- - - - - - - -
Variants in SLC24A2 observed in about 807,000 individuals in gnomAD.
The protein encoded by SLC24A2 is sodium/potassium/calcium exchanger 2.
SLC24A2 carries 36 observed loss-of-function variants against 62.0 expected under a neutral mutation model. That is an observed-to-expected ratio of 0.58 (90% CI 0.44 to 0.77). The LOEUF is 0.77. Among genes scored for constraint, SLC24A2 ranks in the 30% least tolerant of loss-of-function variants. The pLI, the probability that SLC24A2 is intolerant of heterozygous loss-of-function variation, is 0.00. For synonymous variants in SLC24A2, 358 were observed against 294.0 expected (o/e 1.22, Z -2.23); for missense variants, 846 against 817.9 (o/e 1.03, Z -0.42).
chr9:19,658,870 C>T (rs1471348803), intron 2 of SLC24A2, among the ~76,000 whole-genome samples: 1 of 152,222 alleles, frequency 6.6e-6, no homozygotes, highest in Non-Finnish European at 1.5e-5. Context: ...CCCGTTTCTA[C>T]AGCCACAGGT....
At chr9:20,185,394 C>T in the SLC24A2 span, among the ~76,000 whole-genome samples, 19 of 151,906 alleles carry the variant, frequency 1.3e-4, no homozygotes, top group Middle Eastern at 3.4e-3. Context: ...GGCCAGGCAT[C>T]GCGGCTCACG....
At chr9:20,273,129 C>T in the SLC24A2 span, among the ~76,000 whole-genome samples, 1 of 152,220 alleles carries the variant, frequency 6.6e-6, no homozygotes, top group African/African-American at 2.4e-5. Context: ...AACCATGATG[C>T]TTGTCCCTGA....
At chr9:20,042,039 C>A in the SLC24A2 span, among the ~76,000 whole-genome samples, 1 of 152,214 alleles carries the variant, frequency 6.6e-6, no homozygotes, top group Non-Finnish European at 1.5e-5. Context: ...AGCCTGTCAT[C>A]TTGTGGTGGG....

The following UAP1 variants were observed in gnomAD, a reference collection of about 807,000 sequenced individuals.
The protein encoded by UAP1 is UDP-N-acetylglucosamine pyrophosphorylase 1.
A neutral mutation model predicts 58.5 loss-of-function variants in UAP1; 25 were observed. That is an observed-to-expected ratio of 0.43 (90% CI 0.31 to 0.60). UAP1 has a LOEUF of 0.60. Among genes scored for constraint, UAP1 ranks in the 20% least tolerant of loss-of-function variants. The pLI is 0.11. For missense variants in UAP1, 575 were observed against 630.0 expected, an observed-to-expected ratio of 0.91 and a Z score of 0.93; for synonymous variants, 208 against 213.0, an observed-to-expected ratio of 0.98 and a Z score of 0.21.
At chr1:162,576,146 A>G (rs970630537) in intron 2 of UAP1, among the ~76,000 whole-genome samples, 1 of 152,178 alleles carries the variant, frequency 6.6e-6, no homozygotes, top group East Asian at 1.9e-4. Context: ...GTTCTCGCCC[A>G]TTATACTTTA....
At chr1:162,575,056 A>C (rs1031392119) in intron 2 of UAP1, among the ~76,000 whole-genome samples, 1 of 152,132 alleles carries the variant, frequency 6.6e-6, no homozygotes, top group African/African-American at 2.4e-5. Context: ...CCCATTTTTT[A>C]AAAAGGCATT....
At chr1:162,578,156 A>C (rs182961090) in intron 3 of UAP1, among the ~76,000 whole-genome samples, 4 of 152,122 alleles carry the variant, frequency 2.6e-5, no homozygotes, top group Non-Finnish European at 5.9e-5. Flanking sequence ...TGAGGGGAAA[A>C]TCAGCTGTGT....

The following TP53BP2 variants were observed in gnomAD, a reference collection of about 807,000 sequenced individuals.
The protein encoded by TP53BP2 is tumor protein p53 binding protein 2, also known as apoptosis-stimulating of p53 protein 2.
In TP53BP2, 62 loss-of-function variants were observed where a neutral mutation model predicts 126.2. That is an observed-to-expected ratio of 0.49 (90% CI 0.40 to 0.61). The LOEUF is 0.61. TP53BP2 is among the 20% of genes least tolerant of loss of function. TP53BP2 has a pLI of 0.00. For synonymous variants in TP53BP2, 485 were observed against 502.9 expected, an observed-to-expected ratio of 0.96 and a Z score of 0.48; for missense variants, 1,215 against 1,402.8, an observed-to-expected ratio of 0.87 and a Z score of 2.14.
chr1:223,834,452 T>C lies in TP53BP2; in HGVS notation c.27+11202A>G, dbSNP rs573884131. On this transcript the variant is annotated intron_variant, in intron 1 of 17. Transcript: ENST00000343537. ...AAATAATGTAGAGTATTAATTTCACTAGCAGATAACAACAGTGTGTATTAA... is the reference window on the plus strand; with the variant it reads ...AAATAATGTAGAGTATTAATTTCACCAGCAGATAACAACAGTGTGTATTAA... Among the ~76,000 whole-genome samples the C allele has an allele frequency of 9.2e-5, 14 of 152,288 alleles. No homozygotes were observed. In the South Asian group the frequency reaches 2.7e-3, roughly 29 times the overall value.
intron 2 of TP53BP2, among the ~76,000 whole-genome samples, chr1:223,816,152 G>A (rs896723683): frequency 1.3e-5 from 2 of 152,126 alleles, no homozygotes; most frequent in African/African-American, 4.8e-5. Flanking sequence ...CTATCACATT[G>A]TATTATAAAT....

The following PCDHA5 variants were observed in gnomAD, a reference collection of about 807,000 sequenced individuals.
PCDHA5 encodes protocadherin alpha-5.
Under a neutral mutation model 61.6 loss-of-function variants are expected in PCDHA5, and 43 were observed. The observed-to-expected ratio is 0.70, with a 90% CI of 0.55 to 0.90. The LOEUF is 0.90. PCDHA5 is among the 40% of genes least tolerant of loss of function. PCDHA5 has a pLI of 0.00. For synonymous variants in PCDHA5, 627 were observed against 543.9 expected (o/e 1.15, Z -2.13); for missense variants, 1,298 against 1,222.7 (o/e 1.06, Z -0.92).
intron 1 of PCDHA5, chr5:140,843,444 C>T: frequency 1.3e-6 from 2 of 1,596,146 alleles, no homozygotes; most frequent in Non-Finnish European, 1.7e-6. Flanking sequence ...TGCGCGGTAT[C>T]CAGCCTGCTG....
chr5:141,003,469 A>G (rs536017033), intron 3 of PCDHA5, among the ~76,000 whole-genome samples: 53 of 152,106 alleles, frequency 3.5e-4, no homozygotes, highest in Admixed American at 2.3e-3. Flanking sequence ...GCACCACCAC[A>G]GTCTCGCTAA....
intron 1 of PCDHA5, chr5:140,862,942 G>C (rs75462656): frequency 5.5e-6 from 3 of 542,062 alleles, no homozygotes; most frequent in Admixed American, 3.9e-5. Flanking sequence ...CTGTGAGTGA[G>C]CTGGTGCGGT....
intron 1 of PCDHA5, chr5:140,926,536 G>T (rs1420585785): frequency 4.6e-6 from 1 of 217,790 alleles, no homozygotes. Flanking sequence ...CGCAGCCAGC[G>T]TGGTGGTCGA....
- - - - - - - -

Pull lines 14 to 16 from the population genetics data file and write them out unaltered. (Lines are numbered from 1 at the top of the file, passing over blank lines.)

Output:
The following TP53BP2 variants were observed in gnomAD, a reference collection of about 807,000 sequenced individuals.
The protein encoded by TP53BP2 is tumor protein p53 binding protein 2, also known as apoptosis-stimulating of p53 protein 2.
In TP53BP2, 62 loss-of-function variants were observed where a neutral mutation model predicts 126.2. That is an observed-to-expected ratio of 0.49 (90% CI 0.40 to 0.61). The LOEUF is 0.61. TP53BP2 is among the 20% of genes least tolerant of loss of function. TP53BP2 has a pLI of 0.00. For synonymous variants in TP53BP2, 485 were observed against 502.9 expected, an observed-to-expected ratio of 0.96 and a Z score of 0.48; for missense variants, 1,215 against 1,402.8, an observed-to-expected ratio of 0.87 and a Z score of 2.14.